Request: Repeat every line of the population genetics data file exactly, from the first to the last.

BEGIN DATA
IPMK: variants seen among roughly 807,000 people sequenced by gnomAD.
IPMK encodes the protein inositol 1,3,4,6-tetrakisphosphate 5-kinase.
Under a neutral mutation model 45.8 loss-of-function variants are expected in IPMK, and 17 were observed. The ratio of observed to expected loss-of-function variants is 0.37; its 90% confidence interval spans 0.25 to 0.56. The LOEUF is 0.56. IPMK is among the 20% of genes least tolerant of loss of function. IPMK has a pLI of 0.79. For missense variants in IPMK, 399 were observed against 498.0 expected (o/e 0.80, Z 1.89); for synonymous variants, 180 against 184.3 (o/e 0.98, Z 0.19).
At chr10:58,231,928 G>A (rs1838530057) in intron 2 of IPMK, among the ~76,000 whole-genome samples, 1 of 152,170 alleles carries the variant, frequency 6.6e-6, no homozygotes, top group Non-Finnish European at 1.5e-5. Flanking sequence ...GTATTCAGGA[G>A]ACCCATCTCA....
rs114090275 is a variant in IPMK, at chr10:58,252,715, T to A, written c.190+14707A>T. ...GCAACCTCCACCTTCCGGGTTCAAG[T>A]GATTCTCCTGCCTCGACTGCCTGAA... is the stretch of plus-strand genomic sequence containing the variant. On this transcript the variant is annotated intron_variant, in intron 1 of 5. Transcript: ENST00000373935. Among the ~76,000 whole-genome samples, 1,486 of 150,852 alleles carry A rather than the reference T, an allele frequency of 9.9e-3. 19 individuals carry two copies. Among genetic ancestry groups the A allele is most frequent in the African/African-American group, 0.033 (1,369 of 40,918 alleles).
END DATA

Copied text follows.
IPMK: variants seen among roughly 807,000 people sequenced by gnomAD.
IPMK encodes the protein inositol 1,3,4,6-tetrakisphosphate 5-kinase.
Under a neutral mutation model 45.8 loss-of-function variants are expected in IPMK, and 17 were observed. The ratio of observed to expected loss-of-function variants is 0.37; its 90% confidence interval spans 0.25 to 0.56. The LOEUF is 0.56. IPMK is among the 20% of genes least tolerant of loss of function. IPMK has a pLI of 0.79. For missense variants in IPMK, 399 were observed against 498.0 expected (o/e 0.80, Z 1.89); for synonymous variants, 180 against 184.3 (o/e 0.98, Z 0.19).
At chr10:58,231,928 G>A (rs1838530057) in intron 2 of IPMK, among the ~76,000 whole-genome samples, 1 of 152,170 alleles carries the variant, frequency 6.6e-6, no homozygotes, top group Non-Finnish European at 1.5e-5. Flanking sequence ...GTATTCAGGA[G>A]ACCCATCTCA....
rs114090275 is a variant in IPMK, at chr10:58,252,715, T to A, written c.190+14707A>T. ...GCAACCTCCACCTTCCGGGTTCAAG[T>A]GATTCTCCTGCCTCGACTGCCTGAA... is the stretch of plus-strand genomic sequence containing the variant. On this transcript the variant is annotated intron_variant, in intron 1 of 5. Transcript: ENST00000373935. Among the ~76,000 whole-genome samples, 1,486 of 150,852 alleles carry A rather than the reference T, an allele frequency of 9.9e-3. 19 individuals carry two copies. Among genetic ancestry groups the A allele is most frequent in the African/African-American group, 0.033 (1,369 of 40,918 alleles).